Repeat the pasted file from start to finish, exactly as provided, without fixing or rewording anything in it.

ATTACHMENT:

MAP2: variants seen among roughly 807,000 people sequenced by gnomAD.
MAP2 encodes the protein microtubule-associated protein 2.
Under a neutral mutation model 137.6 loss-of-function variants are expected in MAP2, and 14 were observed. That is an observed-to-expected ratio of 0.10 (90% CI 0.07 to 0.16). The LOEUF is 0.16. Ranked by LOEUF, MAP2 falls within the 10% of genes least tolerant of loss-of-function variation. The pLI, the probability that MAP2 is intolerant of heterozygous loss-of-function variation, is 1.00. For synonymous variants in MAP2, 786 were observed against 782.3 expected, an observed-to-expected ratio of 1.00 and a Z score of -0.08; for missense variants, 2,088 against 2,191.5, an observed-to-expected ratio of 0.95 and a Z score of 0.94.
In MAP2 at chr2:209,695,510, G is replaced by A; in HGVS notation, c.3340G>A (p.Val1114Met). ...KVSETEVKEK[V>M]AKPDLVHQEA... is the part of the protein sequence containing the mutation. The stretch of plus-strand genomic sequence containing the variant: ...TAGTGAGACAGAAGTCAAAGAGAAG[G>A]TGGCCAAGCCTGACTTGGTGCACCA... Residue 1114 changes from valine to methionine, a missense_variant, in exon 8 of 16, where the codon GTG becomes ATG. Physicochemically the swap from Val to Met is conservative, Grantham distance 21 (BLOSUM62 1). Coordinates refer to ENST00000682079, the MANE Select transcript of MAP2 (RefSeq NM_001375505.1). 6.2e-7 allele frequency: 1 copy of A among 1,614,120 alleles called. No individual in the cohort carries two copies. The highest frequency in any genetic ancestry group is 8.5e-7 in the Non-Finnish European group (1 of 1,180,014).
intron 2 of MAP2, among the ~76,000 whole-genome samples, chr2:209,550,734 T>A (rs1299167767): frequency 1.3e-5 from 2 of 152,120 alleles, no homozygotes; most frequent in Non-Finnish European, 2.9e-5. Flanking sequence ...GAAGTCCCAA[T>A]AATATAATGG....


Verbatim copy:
MAP2: variants seen among roughly 807,000 people sequenced by gnomAD.
MAP2 encodes the protein microtubule-associated protein 2.
Under a neutral mutation model 137.6 loss-of-function variants are expected in MAP2, and 14 were observed. That is an observed-to-expected ratio of 0.10 (90% CI 0.07 to 0.16). The LOEUF is 0.16. Ranked by LOEUF, MAP2 falls within the 10% of genes least tolerant of loss-of-function variation. The pLI, the probability that MAP2 is intolerant of heterozygous loss-of-function variation, is 1.00. For synonymous variants in MAP2, 786 were observed against 782.3 expected, an observed-to-expected ratio of 1.00 and a Z score of -0.08; for missense variants, 2,088 against 2,191.5, an observed-to-expected ratio of 0.95 and a Z score of 0.94.
In MAP2 at chr2:209,695,510, G is replaced by A; in HGVS notation, c.3340G>A (p.Val1114Met). ...KVSETEVKEK[V>M]AKPDLVHQEA... is the part of the protein sequence containing the mutation. The stretch of plus-strand genomic sequence containing the variant: ...TAGTGAGACAGAAGTCAAAGAGAAG[G>A]TGGCCAAGCCTGACTTGGTGCACCA... Residue 1114 changes from valine to methionine, a missense_variant, in exon 8 of 16, where the codon GTG becomes ATG. Physicochemically the swap from Val to Met is conservative, Grantham distance 21 (BLOSUM62 1). Coordinates refer to ENST00000682079, the MANE Select transcript of MAP2 (RefSeq NM_001375505.1). 6.2e-7 allele frequency: 1 copy of A among 1,614,120 alleles called. No individual in the cohort carries two copies. The highest frequency in any genetic ancestry group is 8.5e-7 in the Non-Finnish European group (1 of 1,180,014).
intron 2 of MAP2, among the ~76,000 whole-genome samples, chr2:209,550,734 T>A (rs1299167767): frequency 1.3e-5 from 2 of 152,120 alleles, no homozygotes; most frequent in Non-Finnish European, 2.9e-5. Flanking sequence ...GAAGTCCCAA[T>A]AATATAATGG....